>>>> Are all USB 2.0 ports on Laptops rated at 500ma?
    >>>>
    >>>> I have several Freecom USB 2 drives that require a 500ma port - so
    >>>> they will run without need of a power supply
    >>>
    >>> The USB spec is 500mA, but in reality, the over-current trip limit is
    >>> usually set to 1000mA.

    >>
    >> I'd believe that for desktop machines, but most laptops I've checked
    >> would crap out at or before the spec 500mA.

    >
    > This is one of the reasons that I use externally powered USB hubs to feed
    > my USB powered external hard drives when ever possible. They are cheap
    > and easy to replace should they crap out from an "overload".


    A wise precaution. Tne USB2 spec. requires the overload current limit to be
    self resetting. However, anecdotal evidence suggests that ports sometimes
    suffer failure following a current overload.
     
    M.I.5¾, Jul 27, 2006
    #9
  10. Clive

    budgie Guest

    On Thu, 27 Jul 2006 08:14:45 +0100, "M.I.5¾" <_SPAM.co.uk>
    wrote:

    >
    >"budgie" <> wrote in message
    >news:...
    >> On Wed, 26 Jul 2006 20:23:25 -0700, SMS <> wrote:
    >>
    >>>Clive wrote:
    >>>> Are all USB 2.0 ports on Laptops rated at 500ma?
    >>>>
    >>>> I have several Freecom USB 2 drives that require a 500ma port - so they
    >>>> will
    >>>> run without need of a power supply
    >>>
    >>>The USB spec is 500mA, but in reality, the over-current trip limit is
    >>>usually set to 1000mA.

    >>
    >> I'd believe that for desktop machines, but most laptops I've checked would
    >> crap
    >> out at or before the spec 500mA.

    >
    >Any laptop that cannot supply 500mA through its USB ports cannot claim to be
    >USB2 (or USB1) compliant (Para 7.2.1).


    They can *claim* compliance without actually being compliant. It's called
    marketing, and has litlle to do with truth or fact.
     
    budgie, Jul 27, 2006
    #10
  11. I doubt if a laptop maker would do that. It would make them subject to
    lawsuits from both the USB organization (which owns the trademarks) and
    also from end-users, the latter could turn into a class-action lawsuit
    that could cost hundreds of millions or billions.

    budgie wrote:
    >
    > They can *claim* compliance without actually being compliant. It's called
    > marketing, and has litlle to do with truth or fact.
     
    Barry Watzman, Jul 27, 2006
    #11
  12. Clive

    Guest

    M.I.5¾ wrote:

    > If they are incapable of supplying 500 mA, then they are not compliant and
    > cannot claim to be USB2 (or USB1) compliant.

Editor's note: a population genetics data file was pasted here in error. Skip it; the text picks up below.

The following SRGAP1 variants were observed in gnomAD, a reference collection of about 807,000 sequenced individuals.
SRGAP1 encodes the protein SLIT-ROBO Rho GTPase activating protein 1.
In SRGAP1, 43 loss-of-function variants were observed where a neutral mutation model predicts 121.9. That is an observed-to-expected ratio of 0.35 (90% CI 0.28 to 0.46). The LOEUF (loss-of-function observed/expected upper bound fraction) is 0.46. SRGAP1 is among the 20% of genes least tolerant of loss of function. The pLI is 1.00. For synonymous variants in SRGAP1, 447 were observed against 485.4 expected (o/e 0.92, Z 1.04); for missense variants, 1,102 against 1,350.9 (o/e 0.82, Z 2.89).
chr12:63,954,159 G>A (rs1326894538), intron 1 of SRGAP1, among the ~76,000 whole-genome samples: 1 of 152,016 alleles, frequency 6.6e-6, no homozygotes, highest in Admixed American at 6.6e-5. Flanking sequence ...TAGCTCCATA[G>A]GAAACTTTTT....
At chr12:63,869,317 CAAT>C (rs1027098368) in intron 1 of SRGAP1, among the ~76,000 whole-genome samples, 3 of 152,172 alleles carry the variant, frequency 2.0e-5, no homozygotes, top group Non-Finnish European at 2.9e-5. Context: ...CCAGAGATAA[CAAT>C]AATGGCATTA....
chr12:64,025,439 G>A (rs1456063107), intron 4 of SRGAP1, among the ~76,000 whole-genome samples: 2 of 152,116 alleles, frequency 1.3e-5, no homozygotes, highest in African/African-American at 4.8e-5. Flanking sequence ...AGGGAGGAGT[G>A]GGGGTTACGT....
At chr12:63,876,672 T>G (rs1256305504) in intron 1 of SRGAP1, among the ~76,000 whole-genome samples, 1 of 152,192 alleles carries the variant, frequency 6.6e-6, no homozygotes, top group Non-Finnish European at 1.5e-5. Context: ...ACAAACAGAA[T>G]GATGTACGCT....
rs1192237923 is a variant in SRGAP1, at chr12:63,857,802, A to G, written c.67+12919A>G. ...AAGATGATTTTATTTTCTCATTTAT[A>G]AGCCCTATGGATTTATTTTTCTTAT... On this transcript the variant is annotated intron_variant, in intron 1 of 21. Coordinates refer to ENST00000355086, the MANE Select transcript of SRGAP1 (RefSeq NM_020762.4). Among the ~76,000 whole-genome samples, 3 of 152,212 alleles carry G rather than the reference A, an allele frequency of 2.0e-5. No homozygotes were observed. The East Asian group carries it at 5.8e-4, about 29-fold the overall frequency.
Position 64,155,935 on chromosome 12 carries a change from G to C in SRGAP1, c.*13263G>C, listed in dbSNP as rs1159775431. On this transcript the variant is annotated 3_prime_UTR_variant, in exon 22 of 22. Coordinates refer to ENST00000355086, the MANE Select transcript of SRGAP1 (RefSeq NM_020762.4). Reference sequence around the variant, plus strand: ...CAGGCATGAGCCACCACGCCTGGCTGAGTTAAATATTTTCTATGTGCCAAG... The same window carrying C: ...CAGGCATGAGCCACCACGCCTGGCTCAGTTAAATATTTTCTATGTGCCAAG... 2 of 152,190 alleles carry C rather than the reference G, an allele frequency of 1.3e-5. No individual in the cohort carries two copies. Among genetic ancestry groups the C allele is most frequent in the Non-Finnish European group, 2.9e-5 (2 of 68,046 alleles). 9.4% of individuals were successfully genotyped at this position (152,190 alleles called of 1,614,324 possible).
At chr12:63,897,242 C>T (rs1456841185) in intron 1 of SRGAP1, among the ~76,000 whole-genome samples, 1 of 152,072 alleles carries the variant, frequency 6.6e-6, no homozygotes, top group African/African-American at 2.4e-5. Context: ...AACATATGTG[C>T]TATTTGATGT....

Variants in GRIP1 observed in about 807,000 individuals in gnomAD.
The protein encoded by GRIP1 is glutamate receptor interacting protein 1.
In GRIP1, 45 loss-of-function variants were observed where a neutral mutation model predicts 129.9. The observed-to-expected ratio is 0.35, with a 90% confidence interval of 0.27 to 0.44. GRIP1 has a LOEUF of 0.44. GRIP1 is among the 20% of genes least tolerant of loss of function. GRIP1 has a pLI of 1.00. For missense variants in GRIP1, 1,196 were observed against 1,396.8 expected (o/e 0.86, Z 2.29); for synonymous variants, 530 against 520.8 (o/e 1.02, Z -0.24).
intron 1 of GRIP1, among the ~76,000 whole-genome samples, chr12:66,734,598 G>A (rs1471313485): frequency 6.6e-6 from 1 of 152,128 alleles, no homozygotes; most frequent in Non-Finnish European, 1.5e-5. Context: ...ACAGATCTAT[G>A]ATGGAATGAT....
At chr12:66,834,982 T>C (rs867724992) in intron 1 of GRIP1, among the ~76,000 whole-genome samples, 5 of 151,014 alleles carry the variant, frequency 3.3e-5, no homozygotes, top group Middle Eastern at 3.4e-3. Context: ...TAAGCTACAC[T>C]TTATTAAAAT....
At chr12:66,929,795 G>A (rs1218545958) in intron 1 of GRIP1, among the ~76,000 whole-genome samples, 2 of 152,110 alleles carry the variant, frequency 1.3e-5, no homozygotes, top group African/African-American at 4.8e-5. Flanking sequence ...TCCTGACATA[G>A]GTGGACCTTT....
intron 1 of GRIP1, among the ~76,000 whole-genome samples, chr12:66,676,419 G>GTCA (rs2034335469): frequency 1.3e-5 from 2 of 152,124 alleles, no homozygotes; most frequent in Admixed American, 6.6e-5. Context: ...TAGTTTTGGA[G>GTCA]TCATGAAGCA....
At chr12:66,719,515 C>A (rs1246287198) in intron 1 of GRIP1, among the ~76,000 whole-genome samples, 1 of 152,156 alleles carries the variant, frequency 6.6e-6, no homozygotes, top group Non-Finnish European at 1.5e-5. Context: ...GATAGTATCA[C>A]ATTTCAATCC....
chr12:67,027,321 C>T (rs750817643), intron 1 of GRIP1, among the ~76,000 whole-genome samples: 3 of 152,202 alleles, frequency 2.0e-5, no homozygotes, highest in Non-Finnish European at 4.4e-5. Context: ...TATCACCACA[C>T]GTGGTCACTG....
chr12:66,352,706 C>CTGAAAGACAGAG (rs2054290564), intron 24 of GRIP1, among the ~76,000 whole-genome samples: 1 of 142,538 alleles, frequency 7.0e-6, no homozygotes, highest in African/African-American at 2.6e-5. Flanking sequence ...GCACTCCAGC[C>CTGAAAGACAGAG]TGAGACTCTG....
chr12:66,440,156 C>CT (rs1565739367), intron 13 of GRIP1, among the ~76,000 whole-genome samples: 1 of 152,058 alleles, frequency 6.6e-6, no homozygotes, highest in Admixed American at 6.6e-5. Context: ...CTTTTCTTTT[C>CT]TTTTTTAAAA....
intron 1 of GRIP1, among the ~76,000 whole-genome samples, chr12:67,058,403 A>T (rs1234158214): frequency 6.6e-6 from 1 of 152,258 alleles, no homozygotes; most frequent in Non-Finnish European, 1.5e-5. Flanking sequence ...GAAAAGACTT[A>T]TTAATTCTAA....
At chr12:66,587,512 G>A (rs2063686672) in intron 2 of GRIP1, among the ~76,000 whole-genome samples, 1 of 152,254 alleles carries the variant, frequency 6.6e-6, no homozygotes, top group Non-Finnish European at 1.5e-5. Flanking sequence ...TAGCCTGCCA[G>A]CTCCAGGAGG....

That is a _logo_ requirement though, is it not?
     
    , Jul 27, 2006
    #12
  13. "Clive" <> wrote:
    >Are all USB 2.0 ports on Laptops rated at 500ma?


    I thought the spec said they had to provide 100mA _unless_ the device
    connected to it _negotiated_ for more. Or am I hallucinating again?
     
    William P.N. Smith, Jul 27, 2006
    #13
  14. Clive

    M.I.5¾ Guest

    <> wrote in message
    news:...

    M.I.5¾ wrote:

    > If they are incapable of supplying 500 mA, then they are not compliant and
    > cannot claim to be USB2 (or USB1) compliant.


    That is a _logo_ requirement though, is it not?

    ----------------------------------

    No, it's a spec requirement. If you don't meet the spec, you are not
    officially allowed to claim USB compliance and are certainly not allowed to
    display the logo. The spec is very specific in many areas (and vague in
    others). For example, if the USB (A or B) connector is simply mounted the
    wrong way up, then USB compliance cannot be claimed (but often is, with the
    subtle use of words like "USB compatible" - but the logo definitely cannot
    be used). On the other hand, although the USB2 spec was designed to cover
    the increase to 480 Mbps, nothing in the USB2 spec actually says that that
    speed has to be supported. This gave dishonest PC suppliers the opportunity
    to market PCs with USB2 ports that didn't actually work at 480 Mbps and you
    couldn't touch them for it.
     
    M.I.5¾, Aug 7, 2006
    #14
  15. Clive

    M.I.5¾ Guest

    "William P.N. Smith" <> wrote in message
    news:...
    > "Clive" <> wrote:
    >>Are all USB 2.0 ports on Laptops rated at 500ma?

    >
    > I thought the spec said they had to provide 100mA _unless_ the device
    > connected to it _negotiated_ for more. Or am I hallucinating again?


    No, you are not hallucinating. The intention was that 100 mA was guaranteed
    to be supplied more on negotiation with the host. In practice, the issue
    has become extremely complex, because the enumeration of hubs and the power
    negotiation is not necessarily under the control of the host that is
    actually managing the network when you plug your peripheral in. Since many
    BIOS's support bootable USB devices, they have to enumerate and set up the
    power capabilities in order to establish if a bootable device is present.
    The hubs usually fail to notice that the driving seat is handed from the
    BIOS to windows. Most hub designs now manage their own ports directly -
    particularly hubs that are able to operate as both bus and self powered (the
    spec allows this, requiring self powered hubs to provide 500 mA and bus
    powered, 100 mA). A number of hubs will continue to supply power if their
    upstream port is disconnected (the spec did not intend this to happen, but
    was ambiguous on the point).
     
    M.I.5¾, Aug 7, 2006
    #15